A wonderful community of devoted supporters
The Choir of St James, the Australian Haydn Ensemble and soloists Ayse Goknur Shanal, Nicole Smeulder, Richard Butler and Nicholas Dinopoulos conducted by Warren Trevelyan-Jones performed to a capacity audience. About half the seats were reserved for “Friends of Music at St James” which shows what a wonderful community of devoted supporters they have built up.
The headline work for this concert was Michael Haydn’s Requiem in C minor, but before interval we were treated to two smaller works.
Shanal’s voice in Little Organ Mass was lyrical, strong and vibrant
Franz Joseph Haydn’s Missa Brevis Sancti Jaonnis de Deo, also known as the Little Organ Mass was presented here with string orchestra and chamber organ continuo. The Kyrie established a strong choral tone and good balance with the orchestra. Lively tempos in the Gloria were well contrasted with the slower sections. The Benedictus for solo soprano (Ayse Goknur Shanal) and organ obligato is the only non-choral movement. Shanal’s voice was lyrical, strong and vibrant. I hope to hear a lot more of her.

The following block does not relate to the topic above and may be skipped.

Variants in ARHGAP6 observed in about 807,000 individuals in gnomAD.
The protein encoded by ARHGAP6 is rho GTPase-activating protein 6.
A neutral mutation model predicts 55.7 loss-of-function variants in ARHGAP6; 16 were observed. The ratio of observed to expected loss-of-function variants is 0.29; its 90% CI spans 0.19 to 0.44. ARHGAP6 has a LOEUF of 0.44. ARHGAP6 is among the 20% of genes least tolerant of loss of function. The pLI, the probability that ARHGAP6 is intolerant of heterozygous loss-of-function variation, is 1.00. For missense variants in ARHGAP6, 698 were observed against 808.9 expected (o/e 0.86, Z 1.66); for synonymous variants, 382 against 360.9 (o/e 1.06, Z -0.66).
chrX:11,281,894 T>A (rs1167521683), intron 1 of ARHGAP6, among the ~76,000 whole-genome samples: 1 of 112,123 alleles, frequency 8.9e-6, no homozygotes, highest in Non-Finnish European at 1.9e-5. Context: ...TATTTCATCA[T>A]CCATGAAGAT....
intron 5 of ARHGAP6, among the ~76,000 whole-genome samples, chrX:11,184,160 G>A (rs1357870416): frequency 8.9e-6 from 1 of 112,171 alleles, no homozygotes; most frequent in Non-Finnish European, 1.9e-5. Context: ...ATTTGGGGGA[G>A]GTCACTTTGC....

At the finish of the profound and sincere performance of William Byrd’s Infelix Ego, I longed for more
William Byrd’s Infelix Ego, is the odd work out here. It is 200 odd years earlier than the other pieces, unaccompanied and pure Renaissance counterpoint. This type of music is the specialty of St James’ choir and they were right at home here. Sacred in the deepest sense of the word, their performance was restrained and beautifully executed. Their intonation excellent and every line clear; phrases rose and subsided from the texture with balance and grace. At the finish of this profound and sincere performance, I longed for more.
A joy to be introduced to Michael Haydn’s Requiem in C minor with such a fine performance
Michael Haydn is the lesser known younger brother of Franz Joseph. I was unfamiliar with his Requiem in C minor. It is more contrapuntal than most music from the Classical period. The opening is like Pergolessi’s Stabat Mater and many sections are strongly reminiscent of Bach; very much rooted in the counterpoint of the Baroque. That it was backward looking and probably considered conservative in the day, hardly matters more than 200 years hence. We have here a wonderful work in its own right. There are of course many Classical elements, and much of the work foreshadows Mozart’s Requiem of some 20 years later. In fact Mozart and his father were in the audience at the first performance and is likely to have had a considerable influence. The performance in this instance was grave, dramatic and dark. From strong burst of brass and timpani in the Dies irae to warm ensemble singing from the soloists, the music was consistently engaging. It was a joy to be introduced to this work with such a fine and committed performance.